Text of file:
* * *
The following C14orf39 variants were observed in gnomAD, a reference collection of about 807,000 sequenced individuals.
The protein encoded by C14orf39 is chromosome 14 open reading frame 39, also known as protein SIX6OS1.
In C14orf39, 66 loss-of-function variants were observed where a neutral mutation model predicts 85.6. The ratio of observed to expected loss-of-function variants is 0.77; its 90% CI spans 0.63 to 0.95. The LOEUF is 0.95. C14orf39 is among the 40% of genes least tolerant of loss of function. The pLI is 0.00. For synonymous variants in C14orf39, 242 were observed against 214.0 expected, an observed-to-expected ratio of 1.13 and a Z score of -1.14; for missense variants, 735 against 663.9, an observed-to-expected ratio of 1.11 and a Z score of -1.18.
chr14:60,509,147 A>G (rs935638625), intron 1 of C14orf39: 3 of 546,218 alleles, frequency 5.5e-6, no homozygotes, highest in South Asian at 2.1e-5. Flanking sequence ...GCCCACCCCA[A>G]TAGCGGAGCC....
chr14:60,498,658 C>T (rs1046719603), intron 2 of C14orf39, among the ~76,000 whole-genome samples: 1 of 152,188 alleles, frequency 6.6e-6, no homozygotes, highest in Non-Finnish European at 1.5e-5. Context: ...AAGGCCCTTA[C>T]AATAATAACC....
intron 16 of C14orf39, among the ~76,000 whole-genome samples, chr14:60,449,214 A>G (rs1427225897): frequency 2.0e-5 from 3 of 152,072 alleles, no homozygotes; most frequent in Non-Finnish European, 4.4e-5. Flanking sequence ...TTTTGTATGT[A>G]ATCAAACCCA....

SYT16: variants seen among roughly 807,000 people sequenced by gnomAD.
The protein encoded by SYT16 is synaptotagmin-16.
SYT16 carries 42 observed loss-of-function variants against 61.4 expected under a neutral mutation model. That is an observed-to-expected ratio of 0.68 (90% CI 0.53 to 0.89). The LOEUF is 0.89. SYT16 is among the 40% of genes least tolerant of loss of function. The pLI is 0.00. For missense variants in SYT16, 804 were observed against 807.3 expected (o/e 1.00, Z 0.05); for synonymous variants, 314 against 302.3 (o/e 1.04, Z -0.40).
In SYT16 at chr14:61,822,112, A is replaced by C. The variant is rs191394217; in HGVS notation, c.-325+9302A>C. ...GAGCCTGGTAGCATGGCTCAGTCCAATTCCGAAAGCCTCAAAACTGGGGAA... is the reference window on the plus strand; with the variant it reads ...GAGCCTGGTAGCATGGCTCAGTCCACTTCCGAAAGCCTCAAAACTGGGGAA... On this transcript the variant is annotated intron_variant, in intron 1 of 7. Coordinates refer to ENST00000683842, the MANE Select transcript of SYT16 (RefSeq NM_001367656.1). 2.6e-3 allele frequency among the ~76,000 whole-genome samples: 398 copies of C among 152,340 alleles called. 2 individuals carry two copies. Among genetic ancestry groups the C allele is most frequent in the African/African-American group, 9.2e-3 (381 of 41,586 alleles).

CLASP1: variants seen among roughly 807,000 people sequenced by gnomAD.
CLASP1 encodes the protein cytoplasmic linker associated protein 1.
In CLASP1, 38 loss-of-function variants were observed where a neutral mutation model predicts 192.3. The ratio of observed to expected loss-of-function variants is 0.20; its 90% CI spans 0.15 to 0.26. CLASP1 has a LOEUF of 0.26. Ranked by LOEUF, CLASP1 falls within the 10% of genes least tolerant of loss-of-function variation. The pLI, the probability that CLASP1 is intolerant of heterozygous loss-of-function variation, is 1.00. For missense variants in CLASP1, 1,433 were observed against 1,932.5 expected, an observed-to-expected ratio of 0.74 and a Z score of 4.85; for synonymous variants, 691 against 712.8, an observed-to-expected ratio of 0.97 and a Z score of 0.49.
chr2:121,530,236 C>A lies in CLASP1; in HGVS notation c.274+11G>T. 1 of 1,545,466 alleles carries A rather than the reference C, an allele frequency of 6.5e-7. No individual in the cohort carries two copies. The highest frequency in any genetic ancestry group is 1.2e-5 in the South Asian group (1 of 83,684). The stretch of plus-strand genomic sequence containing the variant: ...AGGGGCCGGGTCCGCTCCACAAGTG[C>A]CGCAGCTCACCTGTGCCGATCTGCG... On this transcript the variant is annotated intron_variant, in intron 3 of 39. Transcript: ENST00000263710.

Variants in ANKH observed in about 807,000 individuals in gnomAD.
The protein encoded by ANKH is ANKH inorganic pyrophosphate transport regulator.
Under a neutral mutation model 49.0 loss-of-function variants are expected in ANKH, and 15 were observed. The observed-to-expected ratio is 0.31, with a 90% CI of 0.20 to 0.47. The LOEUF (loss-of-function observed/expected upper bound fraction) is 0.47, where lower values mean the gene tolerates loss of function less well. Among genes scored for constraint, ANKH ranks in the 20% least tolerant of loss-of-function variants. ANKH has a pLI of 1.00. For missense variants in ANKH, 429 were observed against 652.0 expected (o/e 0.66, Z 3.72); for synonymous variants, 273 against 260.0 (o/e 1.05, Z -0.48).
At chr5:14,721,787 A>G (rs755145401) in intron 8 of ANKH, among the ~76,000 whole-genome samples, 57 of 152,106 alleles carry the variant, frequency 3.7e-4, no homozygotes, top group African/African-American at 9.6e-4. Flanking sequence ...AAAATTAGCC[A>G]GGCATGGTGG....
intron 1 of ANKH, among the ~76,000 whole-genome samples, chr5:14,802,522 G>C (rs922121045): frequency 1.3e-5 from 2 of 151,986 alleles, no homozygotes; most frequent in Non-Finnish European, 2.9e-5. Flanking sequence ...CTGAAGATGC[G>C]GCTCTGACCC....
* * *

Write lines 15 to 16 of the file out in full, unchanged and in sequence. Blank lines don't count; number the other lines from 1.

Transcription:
Variants in ANKH observed in about 807,000 individuals in gnomAD.
The protein encoded by ANKH is ANKH inorganic pyrophosphate transport regulator.